pOH and how to calculate it

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Fifteen conversions between pH, pOH, [H3O+], and [OH¯]

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Sörenson defined pH as the negative logarithm of the hydrogen ion concentration.

pH = −log [H+]

We can define the pOH in a similar way:

pOH = −log [OH¯]

In words, the pOH is the negative logarithm of the hydroxide ion concentration.

Example #1: The [OH¯] in a solution is measured to be 0.0010 M. What is the pOH?


1) Plug the [OH¯] into the pOH definition:

pOH = −log 0.0010

2) An alternate way to write this is:

pOH = −log 10¯3

3) Since the log of 10¯3 is -3, we have:

pOH = −(−3)

pOH = 3.00

Let's discuss significant figures and pOH.

Example #2: Calculate the pOH of a solution in which the [OH¯] is 4.20 x 10¯4 M.


pOH = −log 4.20 x 10¯4

This problem can be done very easily using your calculator. However, be warned about putting numbers into the calculator.

Enter 4.20 x 10¯4 into the calculator, press the "log" button (NOT "ln") and then the sign change button (usually labeled with a "+/-").

pOH = 3.377

I hope you took a look at the significant figures and pH discussion. If not, why don't you go ahead and do that right now. I can wait.

Comment regarding the examples below: keep in mind this equation:

pH + pOH = 14

The ChemTeam also keeps in mind that acidic pH is less than 7 and that a basic pH is greater than 7. So, if I have a pOH = 4, I know that the pH = 10 and that this is a basic solution. In a similar way, if I know the pOH is 11, then the pH is 3 and this is an acidic solution.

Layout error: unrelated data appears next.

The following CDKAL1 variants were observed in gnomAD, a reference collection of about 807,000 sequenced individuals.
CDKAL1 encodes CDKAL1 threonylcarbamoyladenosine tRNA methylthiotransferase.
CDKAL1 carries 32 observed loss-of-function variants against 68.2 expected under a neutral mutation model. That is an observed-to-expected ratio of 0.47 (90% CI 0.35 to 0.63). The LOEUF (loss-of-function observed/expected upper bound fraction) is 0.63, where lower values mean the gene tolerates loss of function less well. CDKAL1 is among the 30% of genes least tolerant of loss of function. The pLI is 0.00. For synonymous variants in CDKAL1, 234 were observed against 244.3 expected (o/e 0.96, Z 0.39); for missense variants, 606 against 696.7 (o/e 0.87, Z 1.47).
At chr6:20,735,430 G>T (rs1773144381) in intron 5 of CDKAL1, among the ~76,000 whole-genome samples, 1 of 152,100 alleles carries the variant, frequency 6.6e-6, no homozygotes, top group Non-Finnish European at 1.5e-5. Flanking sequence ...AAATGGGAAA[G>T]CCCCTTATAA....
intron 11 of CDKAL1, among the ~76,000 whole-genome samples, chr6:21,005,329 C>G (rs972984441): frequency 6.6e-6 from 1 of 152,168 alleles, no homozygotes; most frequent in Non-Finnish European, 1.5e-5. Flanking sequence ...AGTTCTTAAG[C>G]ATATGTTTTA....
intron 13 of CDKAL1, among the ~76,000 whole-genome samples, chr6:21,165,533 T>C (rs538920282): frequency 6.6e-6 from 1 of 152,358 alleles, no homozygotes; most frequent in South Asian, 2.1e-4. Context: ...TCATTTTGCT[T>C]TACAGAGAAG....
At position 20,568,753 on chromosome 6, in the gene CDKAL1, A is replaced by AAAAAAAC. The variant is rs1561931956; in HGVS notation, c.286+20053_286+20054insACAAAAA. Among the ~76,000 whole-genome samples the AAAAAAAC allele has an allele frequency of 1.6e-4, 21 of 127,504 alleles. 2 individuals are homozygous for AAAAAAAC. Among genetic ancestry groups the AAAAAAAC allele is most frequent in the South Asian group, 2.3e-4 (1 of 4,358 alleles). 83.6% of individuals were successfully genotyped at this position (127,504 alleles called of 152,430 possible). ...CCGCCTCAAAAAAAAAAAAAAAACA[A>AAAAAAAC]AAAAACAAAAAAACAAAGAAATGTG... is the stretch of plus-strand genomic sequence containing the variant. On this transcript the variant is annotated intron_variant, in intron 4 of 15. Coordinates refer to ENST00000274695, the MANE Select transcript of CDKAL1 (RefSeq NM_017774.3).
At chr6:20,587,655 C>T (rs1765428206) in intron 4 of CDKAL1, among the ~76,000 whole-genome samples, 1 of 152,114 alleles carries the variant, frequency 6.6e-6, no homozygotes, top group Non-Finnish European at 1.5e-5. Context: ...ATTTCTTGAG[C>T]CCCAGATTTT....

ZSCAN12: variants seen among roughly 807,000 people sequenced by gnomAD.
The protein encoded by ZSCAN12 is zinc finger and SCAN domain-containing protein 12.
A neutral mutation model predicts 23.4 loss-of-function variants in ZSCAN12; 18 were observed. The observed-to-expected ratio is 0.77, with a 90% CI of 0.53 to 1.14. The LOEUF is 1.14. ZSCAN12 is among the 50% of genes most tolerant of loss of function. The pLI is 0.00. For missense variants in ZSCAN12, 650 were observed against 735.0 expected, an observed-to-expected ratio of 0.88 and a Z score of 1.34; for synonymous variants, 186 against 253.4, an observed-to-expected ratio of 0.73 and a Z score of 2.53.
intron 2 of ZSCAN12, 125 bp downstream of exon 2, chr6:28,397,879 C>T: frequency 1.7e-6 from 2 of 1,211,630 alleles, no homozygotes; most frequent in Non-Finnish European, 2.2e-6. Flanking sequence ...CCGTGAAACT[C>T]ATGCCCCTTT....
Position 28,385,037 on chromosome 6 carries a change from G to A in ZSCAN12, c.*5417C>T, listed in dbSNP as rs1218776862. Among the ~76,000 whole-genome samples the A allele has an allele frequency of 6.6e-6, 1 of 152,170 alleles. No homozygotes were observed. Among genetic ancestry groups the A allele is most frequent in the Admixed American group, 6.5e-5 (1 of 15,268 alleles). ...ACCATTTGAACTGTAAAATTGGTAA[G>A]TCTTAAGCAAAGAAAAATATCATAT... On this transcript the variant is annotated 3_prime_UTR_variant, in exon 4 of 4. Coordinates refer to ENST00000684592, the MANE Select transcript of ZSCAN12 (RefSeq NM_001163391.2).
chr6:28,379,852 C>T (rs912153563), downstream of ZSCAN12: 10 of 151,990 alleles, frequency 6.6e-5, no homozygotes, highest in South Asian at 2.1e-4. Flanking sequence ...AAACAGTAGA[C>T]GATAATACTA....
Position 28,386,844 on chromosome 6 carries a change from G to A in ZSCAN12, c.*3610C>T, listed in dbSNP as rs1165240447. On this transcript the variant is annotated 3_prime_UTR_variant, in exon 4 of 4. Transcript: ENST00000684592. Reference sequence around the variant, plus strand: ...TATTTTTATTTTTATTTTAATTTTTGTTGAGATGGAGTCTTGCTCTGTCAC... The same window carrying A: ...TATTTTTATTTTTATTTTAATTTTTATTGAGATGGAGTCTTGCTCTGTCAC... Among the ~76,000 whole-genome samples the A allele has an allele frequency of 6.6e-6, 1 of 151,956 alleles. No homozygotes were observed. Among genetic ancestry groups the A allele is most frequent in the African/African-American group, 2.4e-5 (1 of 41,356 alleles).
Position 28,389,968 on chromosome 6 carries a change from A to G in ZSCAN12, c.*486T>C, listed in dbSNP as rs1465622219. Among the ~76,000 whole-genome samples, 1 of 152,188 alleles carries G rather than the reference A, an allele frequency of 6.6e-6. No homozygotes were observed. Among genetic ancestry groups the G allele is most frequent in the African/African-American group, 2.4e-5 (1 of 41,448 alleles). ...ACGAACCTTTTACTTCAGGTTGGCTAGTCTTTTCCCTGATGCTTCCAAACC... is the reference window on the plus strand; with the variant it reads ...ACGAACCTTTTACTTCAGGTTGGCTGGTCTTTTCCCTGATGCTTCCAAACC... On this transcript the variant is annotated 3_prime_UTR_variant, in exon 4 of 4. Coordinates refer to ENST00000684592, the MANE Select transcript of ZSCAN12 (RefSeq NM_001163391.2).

For the examples below, convert each hydroxide ion concentration into a pOH. Identify each as an acidic pOH or a basic pOH.

Example #3: 0.0045 M

pOH = −log 0.0045

pOH = −(−2.35)


This is a basic pOH.

Example #4: 5.0 x 10¯10 M

pOH = −log 5.0 x 10¯10

pOH = −(−9.30) = 9.30

This is an acidic pOH.

Example #5: 1.0 M

pOH = −log 1.0

pOH = −(−0.00)

pOH = 0.00

This is a basic pOH.

Note the value of zero. See the pH discussion for a comment.

Example #6: 3.27 x 10¯3 M

pOH = −log 3.27 x 10¯3 = −(−2.485) = 2.485

This is a basic pOH.

Example #7: 1.00 x 10¯12 M

pOH = −log 1.00 x 10¯12 = 12.000

This is an acidic pOH.

Example #8: 0.00010 M

pOH = −log 0.00010 = 4.0

This is a basic pOH.

Suppose you know the pOH and you want to get to the hydroxide ion concentration ([OH¯])?

Here is the equation for that:

[OH¯] = 10¯pOH

That's right, ten to the minus pOH gets you back to the [OH¯] (called the hydroxide ion concentration).

This is actually pretty easy to do with the calculator. Here's the sample problem: calculate the [OH¯] from a pOH of 3.45.

The calculator technique depends on which type of button you have. Let's assume you have the standard key. It's labed EITHER xy or yx.

1) Enter the number "10" into the calculator.
2) Press the xy (or the other, depending on what you have)
3) Enter 3.45 and make it negative.
4) Press the equals button and the calculator will do its thing.

Some people have a calculator with a key labeled "10x." In that case, enter the 3.45, make it negative, then press the "10x" key. An answer appears!! Just remember to round it to the proper number of significant figures and you're on your way.

Go to a similar discussion about pH

Fifteen conversions between pH, pOH, [H3O+], and [OH¯]

Go back to the Acid Base Menu